British author Miriani makes his U.S. debut with the second in his series featuring ex-SAS warrior Ben Hope, a fast, exciting read in The Da Vinci Code tradition. Ben is on his way home from a mission when he receives a message from Leigh Llewellyn, an old flame and international opera star, saying she needs his help. Leigh is the sister of Ben's late friend, Oliver, who was at work on a book on Mozart when he died under mysterious circumstances. When Ben takes Leigh to the English countryside to guard her, deadly thugs attempt to kill them both. A lost Mozart letter, written in 1791 shortly before the composer's death and first discovered by Leigh's father, implicates a shadowy European group known as the Order of Ra, which remains a powerful secret force in Europe today. None of this matters much to either Ben or the reader as he singlehandedly kills his way to the top of the evil cabal. (Mar.)
"The Mozart Conspiracy hits thrilling, suspenseful notes . . . it's a rollickingly good way to pass some time in an easy chair." —USA Today
"Mariani channels Dan Brown on steroids in this exciting (and violent) historical puzzle thriller…Racing along at breakneck speed and promising more in a series, this action read will excite fans of Brown, James Rollins, and Robert Ludlum. —Booklist
"A fast, exciting read in The Da Vinci Code tradition.” —Publishers Weekly
“The Mozart Conspiracy is music to the minds of thriller fans. Now readers on both sides of the Atlantic can enjoy Scott Mariani's gift for international menace with a Continental flair.” —Thomas Greanias, author of The Promised War
“James Bond meets Jason Bourne Meets The Da Vinci Code, in a tale as driven as a dark Mozart symphony—but Scott Mariani writes with a steely lightness that is all his own.” —Jennifer Lee Carrell, New York Times bestselling author of Interred With Their Bones
“The Mozart Conspiracy is an action-packed thriller that introduces a fine, new hero, retired British commando Benedict Hope, a former soldier who's tormented by regret. In a wild chase across Europe, Hope uses his violent talents to track down a nefarious cabal that secretly controls the destinies of nations. The novel is fast-paced and fun, and Hope is a hero you can't help but root for.” —Mark Alpert, author of Final Theory
"Scott Mariani is an author to watch." —M.J. Rose, international bestselling author of The Reincarnationist.
Retired from the British army's Special Air Service, Benedict Hope is a crisis-response consultant. He has just finished a dangerous mission rescuing two young girls from a ring of pedophiles when he is contacted by his long-lost love, famous opera singer Leigh Llewellyn. She's been attacked, inexplicably it seems, and the two embark on a country-hopping, car-smashing, bullet-flying, nun-killing (yep, you read it right) adventure complete with a ritual killing, while trying to find the connection between a letter believed to have been written by Mozart and the mysterious death of Leigh's brother. Fast paced? Definitely. Exciting? It would be if the plot weren't entirely predictable, the characters one-dimensional, and the dialog lackluster. While this title might beg a comparison to Dan Brown's The Da Vinci Code, it doesn't even come close. VERDICT First published in Britain, this series launch might appeal to male readers in the mood for a bit of fast-paced action without too much mental exertion. For more substantial characters and a meatier plot, try Michael Gruber's The Book of Air and Shadows.—Julie Pierce, Ft. Myers-Lee Cty. P.L., FL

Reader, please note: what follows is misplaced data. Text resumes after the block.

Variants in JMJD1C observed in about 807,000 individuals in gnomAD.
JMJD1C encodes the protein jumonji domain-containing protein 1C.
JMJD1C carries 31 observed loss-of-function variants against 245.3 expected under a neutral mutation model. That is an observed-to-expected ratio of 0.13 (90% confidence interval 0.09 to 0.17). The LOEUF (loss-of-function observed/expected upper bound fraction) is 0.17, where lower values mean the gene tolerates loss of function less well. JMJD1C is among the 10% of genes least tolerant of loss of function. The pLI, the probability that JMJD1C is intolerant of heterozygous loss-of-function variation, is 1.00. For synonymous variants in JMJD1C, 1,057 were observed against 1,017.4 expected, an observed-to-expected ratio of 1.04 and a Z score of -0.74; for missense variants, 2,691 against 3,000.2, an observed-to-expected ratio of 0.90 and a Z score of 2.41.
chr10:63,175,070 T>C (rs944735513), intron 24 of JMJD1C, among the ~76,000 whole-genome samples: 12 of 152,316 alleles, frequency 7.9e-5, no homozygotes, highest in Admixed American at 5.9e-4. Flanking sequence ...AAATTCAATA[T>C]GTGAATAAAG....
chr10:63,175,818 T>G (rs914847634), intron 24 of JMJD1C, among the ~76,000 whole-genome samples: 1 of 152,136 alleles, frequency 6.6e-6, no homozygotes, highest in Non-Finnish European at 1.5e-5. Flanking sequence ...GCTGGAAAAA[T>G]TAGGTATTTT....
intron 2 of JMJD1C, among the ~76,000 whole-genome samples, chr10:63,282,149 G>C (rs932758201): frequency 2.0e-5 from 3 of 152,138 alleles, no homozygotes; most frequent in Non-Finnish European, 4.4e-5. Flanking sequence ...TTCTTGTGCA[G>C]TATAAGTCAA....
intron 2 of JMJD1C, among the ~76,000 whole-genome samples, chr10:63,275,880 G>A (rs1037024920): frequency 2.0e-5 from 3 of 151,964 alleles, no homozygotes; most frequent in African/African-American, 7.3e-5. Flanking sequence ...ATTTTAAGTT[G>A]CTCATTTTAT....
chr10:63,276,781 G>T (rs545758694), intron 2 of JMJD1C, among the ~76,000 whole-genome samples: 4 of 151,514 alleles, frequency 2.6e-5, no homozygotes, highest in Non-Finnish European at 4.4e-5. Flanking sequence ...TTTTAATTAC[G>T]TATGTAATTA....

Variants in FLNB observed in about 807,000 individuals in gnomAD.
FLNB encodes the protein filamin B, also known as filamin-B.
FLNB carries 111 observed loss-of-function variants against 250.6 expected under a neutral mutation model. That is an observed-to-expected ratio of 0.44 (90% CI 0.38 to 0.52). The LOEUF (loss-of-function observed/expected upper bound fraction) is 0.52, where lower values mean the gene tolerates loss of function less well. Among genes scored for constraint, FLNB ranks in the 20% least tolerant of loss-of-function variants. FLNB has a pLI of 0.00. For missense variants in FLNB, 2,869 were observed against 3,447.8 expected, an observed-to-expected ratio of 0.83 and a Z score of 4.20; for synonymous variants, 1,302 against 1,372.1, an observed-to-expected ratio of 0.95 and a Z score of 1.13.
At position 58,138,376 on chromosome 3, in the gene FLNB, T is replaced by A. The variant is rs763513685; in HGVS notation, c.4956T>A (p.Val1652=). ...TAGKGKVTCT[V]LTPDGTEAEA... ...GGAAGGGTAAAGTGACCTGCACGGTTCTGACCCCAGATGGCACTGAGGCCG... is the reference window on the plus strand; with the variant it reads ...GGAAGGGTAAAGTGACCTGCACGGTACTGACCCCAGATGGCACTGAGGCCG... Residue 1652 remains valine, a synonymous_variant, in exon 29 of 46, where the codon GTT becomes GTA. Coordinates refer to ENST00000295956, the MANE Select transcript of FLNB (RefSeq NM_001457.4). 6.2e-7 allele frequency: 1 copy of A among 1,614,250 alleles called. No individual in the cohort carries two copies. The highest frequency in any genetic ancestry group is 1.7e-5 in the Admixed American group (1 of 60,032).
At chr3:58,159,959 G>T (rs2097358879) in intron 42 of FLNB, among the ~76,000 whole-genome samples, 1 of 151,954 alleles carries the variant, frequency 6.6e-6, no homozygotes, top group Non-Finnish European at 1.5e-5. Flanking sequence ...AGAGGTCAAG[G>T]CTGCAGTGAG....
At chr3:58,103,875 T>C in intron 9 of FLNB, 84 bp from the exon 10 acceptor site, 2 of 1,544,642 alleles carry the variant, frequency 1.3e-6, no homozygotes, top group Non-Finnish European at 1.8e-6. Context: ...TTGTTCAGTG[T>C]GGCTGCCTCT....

Mariani's debut is a globetrotting action fantasy with one eye fixed firmly onThe Da Vinci Codeand the other on Hollywood.
Does any of this sound familiar? Centuries ago, a beloved artist got in bad with a powerful fraternal organization because one of his best-known productions contained codes that revealed its most closely guarded secrets. The artist died, but the organization lives on as an international conspiracy that's still working criminal mischief all over the map of present-day Europe. This time around, the artist is Wolfgang Amadeus Mozart, the tell-all production isThe Magic Flute,and the conspirators are the Order of Ra, a rogue Masonic faction whose hobby is ritual murder. Instead of sweating the details of the artist's life or work or the specific content or meaning of the codes that so threatened the Masons, or even convincingly linking conspiracies past and present, Mariani falls back on that old chestnut, the British agent reunited with the girl he left behind. The spy is Benedict Hope, whose SAS assignment is to rescue kidnap victims. The lady is opera star Leigh Llewellyn, whose brother Oliver was executed last year after he stumbled across the Order of Ra's latest handiwork. Leigh has spent 15 years getting over Ben, but he's still the person she calls when she barely escapes a kidnap attempt herself. Sure enough, her troubles stem from the book Olly had been writing about Mozart's death. The search for clues, coupled with a chase after bad guys, sometimes away from them, takes Ben and Leigh—and soon enough, their ally, Viennese cop Markus Kinski—across the Continent in brief chapters headed by place names you just know will appear as subtitles in the movie version too.
Mariani likes to separate his heroes so that he can cut back and forth between them as they're getting simultaneously ambushed in equally picturesque locales. Nor is he averse to a high body count. Apart from the rumor that he was poisoned, though, don't expect to learn much about Mozart.